Pike River, Andrew Little & the union that did nothing

Photoshopped image credit: Pixy

Andrew Little is leading the charge to reopen Pike River mine and to send people into unknown and possibly dangerous conditions to find the remains of the 29 men who died in the mine. It is a tragic situation which has been politicised by the government in a way that is truly disgraceful. Nothing can be achieved by doing this; no one will be found alive, and whatever remains are there will almost certainly not be recognisable. Better to leave the mine as a grave and a memorial. The families know where their sons and brothers are. Let them rest in peace.

But then I came across this article which puts a whole different slant on the matter and shows the government to be hypocritical at best, and Andrew Little himself to be possibly complicit in the disaster that happened 8 years ago.

How Andrew Little failed the Pike River miners?is a disturbing article, and I recommend you read it in its entirety if you want some background into the matter. Please note that the original article was written in 2012. quote.

WHEN THE? Royal Commission of Inquiry into the Pike River mining disaster issued its report? this week, the response of the Engineering, Printing and Manufacturing Union (EPMU) was immediate. It issued a press statement welcoming? the? report and is encouraging the Government to implement the recommended? changes as soon as possible.

This report is a damning indictment of New Zealand?s deregulated health and safety regime. Pike River Coal Ltd should never have been allowed to operate in the way it did, and in other countries it wouldn?t have been allowed to.

The report makes clear that the tragic loss of life at Pike River could have been prevented with stronger regulations, an independent and well-resourced mine safety inspectorate and genuine worker involvement in health and safety.

This statement represents a complete change of heart by the EPMU officialdom because it was never critical of? Pike River Coal (PRC) during the time that? the mine was open. The EPMU represented approximately half of the 140 miners on the site.

After the first explosion the EPMU strongly defended the management of PRC.

EPMU National secretary Andrew Little (now a Labour MP)? told the?New Zealand Herald?on November 22? 2010 that? there was “nothing unusual about Pike River or this mine that we?ve been particularly concerned about”.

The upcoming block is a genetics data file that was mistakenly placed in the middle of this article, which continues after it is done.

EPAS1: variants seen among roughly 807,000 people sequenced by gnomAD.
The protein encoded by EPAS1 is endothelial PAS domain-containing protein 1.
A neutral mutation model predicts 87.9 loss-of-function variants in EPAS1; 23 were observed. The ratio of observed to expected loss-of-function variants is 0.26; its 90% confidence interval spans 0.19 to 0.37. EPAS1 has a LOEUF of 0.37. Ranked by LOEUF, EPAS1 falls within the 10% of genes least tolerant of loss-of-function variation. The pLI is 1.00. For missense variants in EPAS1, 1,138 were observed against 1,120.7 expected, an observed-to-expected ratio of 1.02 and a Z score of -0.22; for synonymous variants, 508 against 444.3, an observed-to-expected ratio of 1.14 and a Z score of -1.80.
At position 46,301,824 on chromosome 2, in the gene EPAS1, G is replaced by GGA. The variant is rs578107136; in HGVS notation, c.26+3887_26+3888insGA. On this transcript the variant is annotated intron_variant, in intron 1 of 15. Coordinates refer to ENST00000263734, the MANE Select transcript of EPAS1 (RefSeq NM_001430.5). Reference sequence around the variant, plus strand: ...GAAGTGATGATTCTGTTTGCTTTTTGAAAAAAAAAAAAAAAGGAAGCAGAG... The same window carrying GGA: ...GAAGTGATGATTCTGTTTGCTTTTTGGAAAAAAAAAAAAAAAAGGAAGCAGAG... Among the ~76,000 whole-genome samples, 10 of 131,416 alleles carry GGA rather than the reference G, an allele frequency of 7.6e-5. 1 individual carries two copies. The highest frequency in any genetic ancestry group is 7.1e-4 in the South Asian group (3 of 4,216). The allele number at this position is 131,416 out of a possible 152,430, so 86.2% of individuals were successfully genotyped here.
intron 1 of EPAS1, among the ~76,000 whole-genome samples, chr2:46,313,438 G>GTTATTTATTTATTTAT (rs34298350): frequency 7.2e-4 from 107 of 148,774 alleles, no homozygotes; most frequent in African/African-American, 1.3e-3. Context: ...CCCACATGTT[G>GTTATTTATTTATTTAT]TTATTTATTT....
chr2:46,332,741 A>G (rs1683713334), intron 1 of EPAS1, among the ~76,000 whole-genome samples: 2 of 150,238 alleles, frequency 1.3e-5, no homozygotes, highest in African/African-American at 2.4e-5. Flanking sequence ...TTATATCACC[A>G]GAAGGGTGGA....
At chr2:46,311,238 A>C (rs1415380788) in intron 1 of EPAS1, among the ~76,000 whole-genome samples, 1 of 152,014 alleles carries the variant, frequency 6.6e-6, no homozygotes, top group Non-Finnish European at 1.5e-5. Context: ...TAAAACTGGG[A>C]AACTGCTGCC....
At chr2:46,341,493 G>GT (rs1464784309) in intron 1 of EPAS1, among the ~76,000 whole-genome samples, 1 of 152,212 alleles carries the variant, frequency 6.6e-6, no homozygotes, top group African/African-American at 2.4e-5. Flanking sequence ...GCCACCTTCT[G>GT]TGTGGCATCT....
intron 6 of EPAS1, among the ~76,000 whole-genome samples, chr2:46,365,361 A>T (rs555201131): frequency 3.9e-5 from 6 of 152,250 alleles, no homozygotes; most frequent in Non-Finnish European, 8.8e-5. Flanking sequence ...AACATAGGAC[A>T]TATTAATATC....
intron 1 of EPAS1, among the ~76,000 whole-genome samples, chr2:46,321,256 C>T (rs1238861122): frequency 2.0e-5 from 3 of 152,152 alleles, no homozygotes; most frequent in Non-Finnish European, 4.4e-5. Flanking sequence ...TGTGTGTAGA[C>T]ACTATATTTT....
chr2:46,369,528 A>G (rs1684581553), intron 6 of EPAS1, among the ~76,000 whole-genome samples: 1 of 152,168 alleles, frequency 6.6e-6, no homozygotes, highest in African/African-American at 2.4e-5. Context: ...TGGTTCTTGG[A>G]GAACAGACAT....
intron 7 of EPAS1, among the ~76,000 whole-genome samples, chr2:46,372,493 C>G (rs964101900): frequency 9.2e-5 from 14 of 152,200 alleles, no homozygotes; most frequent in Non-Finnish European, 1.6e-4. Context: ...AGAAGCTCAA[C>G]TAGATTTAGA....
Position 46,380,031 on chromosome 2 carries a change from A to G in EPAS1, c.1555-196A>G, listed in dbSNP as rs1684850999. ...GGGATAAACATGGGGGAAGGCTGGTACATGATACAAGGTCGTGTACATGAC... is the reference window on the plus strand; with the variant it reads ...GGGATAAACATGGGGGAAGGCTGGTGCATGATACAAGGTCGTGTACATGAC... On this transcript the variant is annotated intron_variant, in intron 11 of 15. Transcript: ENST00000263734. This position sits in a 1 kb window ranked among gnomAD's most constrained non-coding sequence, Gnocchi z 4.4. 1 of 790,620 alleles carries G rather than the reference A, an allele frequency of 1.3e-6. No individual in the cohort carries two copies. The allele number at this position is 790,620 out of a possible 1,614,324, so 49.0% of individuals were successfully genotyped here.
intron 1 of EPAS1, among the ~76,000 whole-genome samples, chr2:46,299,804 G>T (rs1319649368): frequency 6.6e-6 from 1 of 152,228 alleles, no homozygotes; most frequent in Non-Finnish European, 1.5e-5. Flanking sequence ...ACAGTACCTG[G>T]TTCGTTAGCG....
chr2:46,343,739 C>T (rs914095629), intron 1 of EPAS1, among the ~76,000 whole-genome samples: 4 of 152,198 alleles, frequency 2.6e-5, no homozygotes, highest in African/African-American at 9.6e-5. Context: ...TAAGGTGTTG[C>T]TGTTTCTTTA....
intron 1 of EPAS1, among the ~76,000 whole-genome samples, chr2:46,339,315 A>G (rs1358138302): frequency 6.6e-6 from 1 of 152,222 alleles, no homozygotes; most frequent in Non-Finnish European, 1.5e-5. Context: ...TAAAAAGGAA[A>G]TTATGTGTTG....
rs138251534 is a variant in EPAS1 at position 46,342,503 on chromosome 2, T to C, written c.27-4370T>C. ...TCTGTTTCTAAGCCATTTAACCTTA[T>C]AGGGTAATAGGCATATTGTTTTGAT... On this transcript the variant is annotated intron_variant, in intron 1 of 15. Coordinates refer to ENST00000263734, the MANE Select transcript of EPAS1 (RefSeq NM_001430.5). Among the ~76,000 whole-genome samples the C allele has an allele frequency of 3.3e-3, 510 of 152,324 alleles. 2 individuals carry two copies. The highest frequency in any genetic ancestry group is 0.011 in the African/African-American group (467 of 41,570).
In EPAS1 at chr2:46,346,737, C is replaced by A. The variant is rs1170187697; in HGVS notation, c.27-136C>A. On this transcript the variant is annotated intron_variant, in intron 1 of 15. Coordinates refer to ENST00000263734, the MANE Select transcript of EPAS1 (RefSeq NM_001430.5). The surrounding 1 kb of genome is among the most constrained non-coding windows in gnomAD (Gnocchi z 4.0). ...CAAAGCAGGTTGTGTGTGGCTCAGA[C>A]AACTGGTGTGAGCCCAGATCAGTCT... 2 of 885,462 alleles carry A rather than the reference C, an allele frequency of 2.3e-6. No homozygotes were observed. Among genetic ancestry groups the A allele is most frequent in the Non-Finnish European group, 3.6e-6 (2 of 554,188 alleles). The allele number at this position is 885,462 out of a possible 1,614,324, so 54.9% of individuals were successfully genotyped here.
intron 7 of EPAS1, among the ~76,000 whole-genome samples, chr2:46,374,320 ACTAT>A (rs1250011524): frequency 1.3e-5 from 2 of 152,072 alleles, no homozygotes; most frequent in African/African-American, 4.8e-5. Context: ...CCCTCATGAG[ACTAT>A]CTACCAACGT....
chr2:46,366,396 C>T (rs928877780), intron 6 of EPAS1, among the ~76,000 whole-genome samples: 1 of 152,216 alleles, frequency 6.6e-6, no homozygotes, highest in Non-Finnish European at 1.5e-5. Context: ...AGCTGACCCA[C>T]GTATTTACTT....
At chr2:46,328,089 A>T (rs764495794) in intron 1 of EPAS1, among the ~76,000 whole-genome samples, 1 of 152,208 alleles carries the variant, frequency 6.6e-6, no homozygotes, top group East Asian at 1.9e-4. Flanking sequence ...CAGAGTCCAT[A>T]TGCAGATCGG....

Andrew Little’s conciliatory views toward? PRC management were echoed by Labour MP Damien O’Connor. He suggested that no one was responsible for the accident and that the? disaster was “just one of these things that the West Coast unfortunately has had to get used to over the years”. end quote.

Yes, it is true that the West Coast has struggled with mining accidents over the years, but in the 21st century, with health and safety regulations being robust, such accidents were no longer expected to happen.

So, here we had the government, the opposition and the union lining up to defend the PRC management. quote.

The views of Andrew Little and the EPMU flew in the face of expert opinion.

While Andrew Little? was defending PRC an Australian gas drainage engineer, who wished to remain anonymous because he feared ‘recriminations’, said he visited Pike River in 2009? and observed that its? operating standards were “extremely poor”.

He said? that he had been told by miners? that the mine was flooded with methane gas about three weeks before the first explosion.

But despite the overwhelming evidence that there was? something seriously and dangerously wrong at the Pike Rive mine, the officials of the? EPMU did nothing.

The mine opened in November 2008? and on not one occasion did the EPMU? initiate industrial action or even criticise PRC’S? safety standards, even after a group of workers? walked off the job to protest the lack of basic emergency equipment. end quote.

The union did not support their workers when they walked off the job over safety concerns. quote.

It was exactly this benevolent attitude? by the EPMU that allowed PRC – and the Department of Labour – to continue as if it was just ‘business a usual’. It appears that no-one was? protecting the interests and concerns of the workers on the mining site. The EPMU failed to organise industrial action? to address safety concerns? at the? mine in favour of? ‘cooperating’ with management, what it and the CTU sometimes? refer to as ‘modern unionism’.

There won’t be any resignations from within the EPMU for dereliction of duty and, of course, Andrew Little? has escaped to Parliament. end quote.

If unions are not there to protect their workers, then why do they exist at all?

So while Andrew Little stands up to the media and says that re-entry is ‘fulfilling a promise’ to the families, is praised by Duncan Garner for his ‘integrity’ over the announcement to re-enter the mine, and pours scorn on the previous government for a ‘cover up’, we should all stop for a moment and consider just one small thing.

If Andrew Little, as the National Secretary of the EPMU at the time the mine was established (and when the explosions occurred) had done his job properly and taken the safety of his workers seriously, the Pike River mine disaster might never have happened.

No amount of ‘fulfilling a promise to the families’ is going to change the fact that their sons, husbands and brothers could have come home that day if the EPMU had done the job they are supposed to do, which is to look after the safety of their workers.

But they didn’t.